You should have a look at Browns Ferry 2011. Really, you should; it has such lovely pictures of autumn leaves and lilies and butterflies. This is a calendar/brochure for people who live within a 10-mile radius of the plant. It has an evacuation map and driving directions. People with special needs aren’t forgotten: they can return a postage-paid card and their names will be placed on a list!  The problem is, these instructions wouldn’t have been much use on April 27, 2011. Consider this:

How will people be alerted of an accident? Use of the Prompt Notification System sirens, radio, and television. On April 27 there were dozens of tornadoes in North Alabama. By the time the late afternoon wave came through, electricity was off, and siren towers blown down.

If somehow the alert gets through — enough sirens are still functional and people have battery radios on — and the call is to evacuate, what are they supposed to do? “Use your own transportation, or, if possible, ride with a neighbor.” Carpooling is the evacuation strategy for a meltdown! And what if you don’t have a car? I guess this is the scenario anticipated here: “If you have unique needs or experience problems, call 211 for assistance.”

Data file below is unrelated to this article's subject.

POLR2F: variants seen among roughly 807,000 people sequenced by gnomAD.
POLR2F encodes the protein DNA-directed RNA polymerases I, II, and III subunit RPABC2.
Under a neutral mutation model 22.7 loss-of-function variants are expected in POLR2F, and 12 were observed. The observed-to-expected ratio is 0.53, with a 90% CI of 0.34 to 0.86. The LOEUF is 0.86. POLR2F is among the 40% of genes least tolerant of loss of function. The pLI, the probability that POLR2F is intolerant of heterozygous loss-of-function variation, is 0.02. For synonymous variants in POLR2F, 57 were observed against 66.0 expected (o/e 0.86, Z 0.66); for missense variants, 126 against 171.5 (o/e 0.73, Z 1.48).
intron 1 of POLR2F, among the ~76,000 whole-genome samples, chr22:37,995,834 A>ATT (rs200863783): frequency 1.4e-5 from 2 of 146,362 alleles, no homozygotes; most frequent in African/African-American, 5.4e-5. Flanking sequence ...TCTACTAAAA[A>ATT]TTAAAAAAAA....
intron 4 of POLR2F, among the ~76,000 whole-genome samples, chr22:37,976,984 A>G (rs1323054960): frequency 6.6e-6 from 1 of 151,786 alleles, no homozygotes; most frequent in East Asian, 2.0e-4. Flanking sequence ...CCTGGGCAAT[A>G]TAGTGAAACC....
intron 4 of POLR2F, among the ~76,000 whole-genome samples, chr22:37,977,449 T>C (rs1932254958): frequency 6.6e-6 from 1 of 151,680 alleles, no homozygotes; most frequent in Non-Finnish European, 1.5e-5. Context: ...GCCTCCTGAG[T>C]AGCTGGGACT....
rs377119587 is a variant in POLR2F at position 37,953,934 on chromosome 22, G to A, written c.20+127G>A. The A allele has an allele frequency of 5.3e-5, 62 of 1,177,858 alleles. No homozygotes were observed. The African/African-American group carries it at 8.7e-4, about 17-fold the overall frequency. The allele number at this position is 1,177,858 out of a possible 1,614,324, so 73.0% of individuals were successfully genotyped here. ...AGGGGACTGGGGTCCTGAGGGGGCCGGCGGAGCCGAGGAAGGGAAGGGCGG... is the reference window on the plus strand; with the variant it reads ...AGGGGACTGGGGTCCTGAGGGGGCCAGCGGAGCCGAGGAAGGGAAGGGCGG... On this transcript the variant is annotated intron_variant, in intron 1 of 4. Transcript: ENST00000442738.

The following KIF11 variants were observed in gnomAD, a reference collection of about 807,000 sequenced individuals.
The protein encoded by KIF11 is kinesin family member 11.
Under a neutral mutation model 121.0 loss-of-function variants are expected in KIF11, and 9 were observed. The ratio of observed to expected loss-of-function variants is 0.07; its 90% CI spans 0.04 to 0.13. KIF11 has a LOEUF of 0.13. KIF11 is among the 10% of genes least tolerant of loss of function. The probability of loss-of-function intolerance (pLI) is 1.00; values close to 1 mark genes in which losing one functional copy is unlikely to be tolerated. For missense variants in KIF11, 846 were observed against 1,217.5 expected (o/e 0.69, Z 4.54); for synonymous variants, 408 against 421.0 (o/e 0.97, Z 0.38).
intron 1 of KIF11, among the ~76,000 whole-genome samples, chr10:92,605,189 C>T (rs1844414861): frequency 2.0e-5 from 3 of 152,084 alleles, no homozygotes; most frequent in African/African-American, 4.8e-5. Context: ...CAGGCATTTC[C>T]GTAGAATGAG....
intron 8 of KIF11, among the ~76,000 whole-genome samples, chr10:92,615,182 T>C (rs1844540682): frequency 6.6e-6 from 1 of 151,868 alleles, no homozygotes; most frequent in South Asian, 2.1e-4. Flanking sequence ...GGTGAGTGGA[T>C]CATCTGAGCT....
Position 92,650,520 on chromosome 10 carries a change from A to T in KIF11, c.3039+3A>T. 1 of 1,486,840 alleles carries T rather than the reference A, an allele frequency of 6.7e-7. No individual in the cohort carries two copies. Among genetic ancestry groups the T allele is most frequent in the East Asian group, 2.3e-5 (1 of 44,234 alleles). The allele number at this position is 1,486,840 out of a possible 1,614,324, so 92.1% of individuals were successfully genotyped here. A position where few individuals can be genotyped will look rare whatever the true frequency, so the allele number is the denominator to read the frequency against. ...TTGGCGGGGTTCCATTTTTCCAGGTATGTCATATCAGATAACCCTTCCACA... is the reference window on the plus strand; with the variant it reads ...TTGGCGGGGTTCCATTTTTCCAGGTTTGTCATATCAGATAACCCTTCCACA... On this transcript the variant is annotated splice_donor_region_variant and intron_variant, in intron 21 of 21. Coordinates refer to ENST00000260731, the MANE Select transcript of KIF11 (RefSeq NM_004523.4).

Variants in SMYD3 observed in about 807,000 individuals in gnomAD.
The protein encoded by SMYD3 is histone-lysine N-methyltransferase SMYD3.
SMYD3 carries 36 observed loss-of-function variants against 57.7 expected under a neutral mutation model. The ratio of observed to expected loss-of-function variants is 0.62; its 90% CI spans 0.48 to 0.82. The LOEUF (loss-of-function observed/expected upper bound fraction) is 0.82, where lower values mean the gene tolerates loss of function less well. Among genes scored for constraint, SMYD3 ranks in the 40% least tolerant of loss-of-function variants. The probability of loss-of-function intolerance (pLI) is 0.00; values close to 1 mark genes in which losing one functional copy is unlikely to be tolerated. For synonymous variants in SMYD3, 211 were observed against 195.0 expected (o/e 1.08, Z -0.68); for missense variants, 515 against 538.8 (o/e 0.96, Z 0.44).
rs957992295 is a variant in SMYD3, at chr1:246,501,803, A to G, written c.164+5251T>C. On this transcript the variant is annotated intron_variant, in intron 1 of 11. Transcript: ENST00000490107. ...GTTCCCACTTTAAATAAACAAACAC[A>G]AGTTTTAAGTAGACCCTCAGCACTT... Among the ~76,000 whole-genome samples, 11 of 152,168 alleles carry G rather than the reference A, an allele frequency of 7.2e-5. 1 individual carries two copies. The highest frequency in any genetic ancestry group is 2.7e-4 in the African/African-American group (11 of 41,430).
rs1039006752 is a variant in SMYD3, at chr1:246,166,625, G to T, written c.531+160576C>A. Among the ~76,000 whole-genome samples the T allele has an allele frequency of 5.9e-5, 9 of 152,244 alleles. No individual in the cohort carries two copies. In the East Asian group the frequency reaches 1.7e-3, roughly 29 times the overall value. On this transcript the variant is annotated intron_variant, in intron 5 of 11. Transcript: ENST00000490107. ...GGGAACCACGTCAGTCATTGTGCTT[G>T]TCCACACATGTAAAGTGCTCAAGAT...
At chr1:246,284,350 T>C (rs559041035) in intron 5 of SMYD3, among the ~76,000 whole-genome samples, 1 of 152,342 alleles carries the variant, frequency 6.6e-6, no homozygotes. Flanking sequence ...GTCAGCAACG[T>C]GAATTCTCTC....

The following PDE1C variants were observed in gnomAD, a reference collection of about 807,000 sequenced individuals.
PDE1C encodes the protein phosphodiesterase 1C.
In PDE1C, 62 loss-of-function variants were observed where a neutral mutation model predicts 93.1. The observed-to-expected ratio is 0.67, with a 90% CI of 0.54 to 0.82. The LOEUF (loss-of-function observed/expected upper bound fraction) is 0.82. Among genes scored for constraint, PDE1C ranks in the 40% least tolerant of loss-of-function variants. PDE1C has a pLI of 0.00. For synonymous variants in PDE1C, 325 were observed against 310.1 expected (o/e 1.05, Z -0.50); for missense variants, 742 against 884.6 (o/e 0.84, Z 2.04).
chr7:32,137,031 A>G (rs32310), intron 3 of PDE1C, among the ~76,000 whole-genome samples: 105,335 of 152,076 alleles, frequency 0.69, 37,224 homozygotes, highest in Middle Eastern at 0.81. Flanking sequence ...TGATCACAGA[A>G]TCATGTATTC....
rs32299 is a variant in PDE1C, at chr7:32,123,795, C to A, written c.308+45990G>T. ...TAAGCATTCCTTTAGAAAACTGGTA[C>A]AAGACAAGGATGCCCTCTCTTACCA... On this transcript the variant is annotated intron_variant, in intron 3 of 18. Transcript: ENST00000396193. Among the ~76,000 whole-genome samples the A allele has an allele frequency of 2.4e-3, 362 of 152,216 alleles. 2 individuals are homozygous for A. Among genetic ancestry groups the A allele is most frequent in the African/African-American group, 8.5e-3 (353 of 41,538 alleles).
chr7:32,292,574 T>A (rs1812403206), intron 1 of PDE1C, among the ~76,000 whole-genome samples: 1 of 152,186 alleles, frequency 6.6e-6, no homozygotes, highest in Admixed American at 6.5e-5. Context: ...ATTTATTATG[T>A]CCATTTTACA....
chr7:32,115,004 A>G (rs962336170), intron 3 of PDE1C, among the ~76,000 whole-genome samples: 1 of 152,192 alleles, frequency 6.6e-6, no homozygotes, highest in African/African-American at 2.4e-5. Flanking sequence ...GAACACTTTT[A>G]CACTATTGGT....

Now then, after the tornadoes, there would have been some problems with these instructions. Gas pumps wouldn’t be working, telephones wouldn’t be working, traffic lights would be out, and roads would be blocked by live wires, fallen trees, and other debris.

Let’s face it. With a car you might get out; without one, you don’t stand a chance. And this seems to be FEMA policy in general. These are its instructions for preparing for evacuations:

“Keep a full tank of gas in your car if an evacuation seems likely. Gas stations may be closed during emergencies and unable to pump gas during power outages. Plan to take one car per family to reduce congestion and delay. Gather your disaster supplies kit. Make transportation arrangements with friends or your local government if you do not own a car.”